Korg Electribe Review
by Rob Allison
I’ll admit that I had been salivating at the thought of getting the new Korg Electribe 2 for weeks before I even had enough money to buy one. I had read many reviews and seen video’s online of how this new beast operated and let me say, It truly is a beast of a machine.
The Electribe is not simply a drum machine, nor is it a Synth. It’s both. Korg describes the Electribe as a Music Production workstations and that’s just what it is. From this singular stand alone workstation one is able to make an entire track.
The Electribe has a 16 part, 64 step sequencer where each part can be assigned a specific sound, be it a drum hit or a synth. The sequencer is fantastic and as with many other Korg products such as the Monotribe and the Volca series, it has parameter automation recording so that you can record various changes to the sounds over time such as filter sweeps and other audio manipulation.
The drum sounds on the Electribe are mainly in PCM format and you have a lot of control over the tone and rhythm of drum loops that you sequence as apart from being able to assign the swing value , there is a selection of 32 different grooves that you can assign to parts. The actual selection of drum sounds is great, there are many different styles of drum hits to suit most peoples needs, from deep house style kicks to jazz style cymbals and even a selection of tribal percussion such as Djembe’s and Conga’s are available. Then there’s the “Real Instruments” These include a few nice sounding piano’s , a few strings and some brass. If I’m honest the brass sections are one of the few things that I’m not a huge fan of on the Electribe but that’s one of the very few minor niggles I’ve had with the device and really does not affect how I use it other than steering clear of these.
The Synth engine is incredibly powerful for such an all-round device I such a compact portable casing. There are at least 50 different oscillator waveforms to choose from , each part has assignable Effect and there are 32 effects to choose from(These are different from the Master FX). There is also a powerful modulation section that allows you to modulate various parameter’s and this section has control over the depth and speed of modulation, great for LFO’s and Filter oscillations. The crowning jewel of the Synth has to be the filter selection, There are magnificent filters to choose from, these were originally designed for the King Korg Synth, but have been included in the Electribe. There is the familiar selection of Low Pass, Hi Pass and Band Pass filter, but apart from the Electribes own filter, there are numerous emulations of other filters such as Moog filters, Prophet 5 and Oberheim and well as a distinctly acid style filter which is one of my personal favourites. The best part is that all of these filter emulations are available for all three filter types (LP,HP and BP).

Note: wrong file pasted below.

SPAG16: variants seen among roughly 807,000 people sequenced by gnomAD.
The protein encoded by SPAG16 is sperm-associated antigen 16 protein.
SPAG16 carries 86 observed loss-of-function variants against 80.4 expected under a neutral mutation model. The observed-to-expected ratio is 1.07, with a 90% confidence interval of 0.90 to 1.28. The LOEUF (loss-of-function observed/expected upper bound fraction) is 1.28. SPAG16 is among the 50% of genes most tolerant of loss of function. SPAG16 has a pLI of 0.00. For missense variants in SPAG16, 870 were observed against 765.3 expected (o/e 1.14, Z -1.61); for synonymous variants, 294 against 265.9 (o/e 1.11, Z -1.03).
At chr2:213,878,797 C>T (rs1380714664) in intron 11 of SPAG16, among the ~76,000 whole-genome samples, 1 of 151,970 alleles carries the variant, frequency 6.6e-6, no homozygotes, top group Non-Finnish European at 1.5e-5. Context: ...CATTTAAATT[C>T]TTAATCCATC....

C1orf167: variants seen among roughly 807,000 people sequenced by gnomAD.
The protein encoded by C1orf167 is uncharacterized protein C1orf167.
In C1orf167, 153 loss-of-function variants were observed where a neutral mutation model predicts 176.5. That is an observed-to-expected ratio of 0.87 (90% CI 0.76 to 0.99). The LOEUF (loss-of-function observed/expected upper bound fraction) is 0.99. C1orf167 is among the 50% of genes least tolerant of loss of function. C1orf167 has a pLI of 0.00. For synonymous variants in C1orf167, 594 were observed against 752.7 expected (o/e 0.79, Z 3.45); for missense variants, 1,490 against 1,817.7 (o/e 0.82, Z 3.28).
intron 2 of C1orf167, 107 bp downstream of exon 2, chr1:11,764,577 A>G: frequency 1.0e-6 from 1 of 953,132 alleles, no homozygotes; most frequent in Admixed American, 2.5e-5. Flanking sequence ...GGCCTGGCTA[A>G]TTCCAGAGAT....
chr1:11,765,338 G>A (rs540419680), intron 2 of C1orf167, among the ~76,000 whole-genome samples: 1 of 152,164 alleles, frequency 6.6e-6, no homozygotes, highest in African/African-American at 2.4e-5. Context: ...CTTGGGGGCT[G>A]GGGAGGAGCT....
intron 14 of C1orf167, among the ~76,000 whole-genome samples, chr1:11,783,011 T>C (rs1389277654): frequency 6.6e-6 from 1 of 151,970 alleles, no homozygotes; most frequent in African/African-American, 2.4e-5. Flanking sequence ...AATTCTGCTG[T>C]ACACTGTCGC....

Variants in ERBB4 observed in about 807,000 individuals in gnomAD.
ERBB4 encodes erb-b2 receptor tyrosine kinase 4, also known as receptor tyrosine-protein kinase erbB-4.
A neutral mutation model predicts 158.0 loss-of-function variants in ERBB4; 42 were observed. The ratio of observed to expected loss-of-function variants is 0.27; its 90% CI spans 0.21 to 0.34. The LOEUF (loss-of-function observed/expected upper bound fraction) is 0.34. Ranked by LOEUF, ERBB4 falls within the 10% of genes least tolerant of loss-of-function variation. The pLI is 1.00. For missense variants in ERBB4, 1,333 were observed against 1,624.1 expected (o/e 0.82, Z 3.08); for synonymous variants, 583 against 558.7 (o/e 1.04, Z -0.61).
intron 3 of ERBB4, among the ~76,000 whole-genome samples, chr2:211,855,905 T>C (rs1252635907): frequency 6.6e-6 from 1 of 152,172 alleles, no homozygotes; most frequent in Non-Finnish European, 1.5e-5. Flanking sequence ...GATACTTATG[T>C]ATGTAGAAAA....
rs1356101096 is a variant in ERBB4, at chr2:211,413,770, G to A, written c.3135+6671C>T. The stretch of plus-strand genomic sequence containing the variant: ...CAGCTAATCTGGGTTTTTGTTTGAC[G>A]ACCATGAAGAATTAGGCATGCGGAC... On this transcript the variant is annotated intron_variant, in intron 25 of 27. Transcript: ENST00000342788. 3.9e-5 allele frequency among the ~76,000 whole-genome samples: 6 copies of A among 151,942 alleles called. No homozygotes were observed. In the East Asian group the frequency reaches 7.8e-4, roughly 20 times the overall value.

When Playing a Synth you have the option to play it in keyboard mode where each pad relates to a certain key , and you can set the Scale and Mode of the Electribe, but you can also play in Chord mode that allows each pad to have a chord assigned to it and you can even alter the depth of the chord for more control over the sound. The pad’s are ultra responsive and are great for playing live or in the studio.
There is also a touch pad that allows you to play individual notes of a scale , this is best used for arpeggio’s and solo’s. This same touch pad can be used to alter the Master FX which operates the same way a Kaoss Pad does in that certain values are assigned to the X and Y axis and sliding your finger across or vertically on the Pad changes these values. There is also an option to hold when you’ve found a sweet spot for your Master FX. The Fun factor that is added having this extra little touch pad should not be under rated, it can be such a useful source of inspiration.
The Electribe is a joy to play with numerous quirky features that will keep you busy for ages, You can mute and un-mute parts easily, there’s a step jump feature that works well for builds and breaks and you can chain patterns together to create longer sequences as well.
The Audio input and Sync ports allow the Electribe to sync up quite seamlessly with other devices, Particularly other Korg products. You can also use the effects and filters of the Electribe to affect external signals and audio!
Overall the Korg Electribe is a fantastic workstation, The fact that it is portable is even cooler, you can literally be anywhere and as long as you have batteries and headphones you can be making music! The battery life is great as I usually get about 5 hours operational time running on batteries. It’s super fun to play and you can come up with musical sketches and idea’s really quickly. Given a bit of time you can turn these into fully formed works that you can then perform and record your performance as well as export directly as an Ableton set where each part has it’s own channel!
It’s actually amazing how Korg have managed to put such an incredible workstation together for such a budget price! This update to the original Electribes released in the early 2000’s is certainly welcomed and this Synth is sure to have a large following for years to come.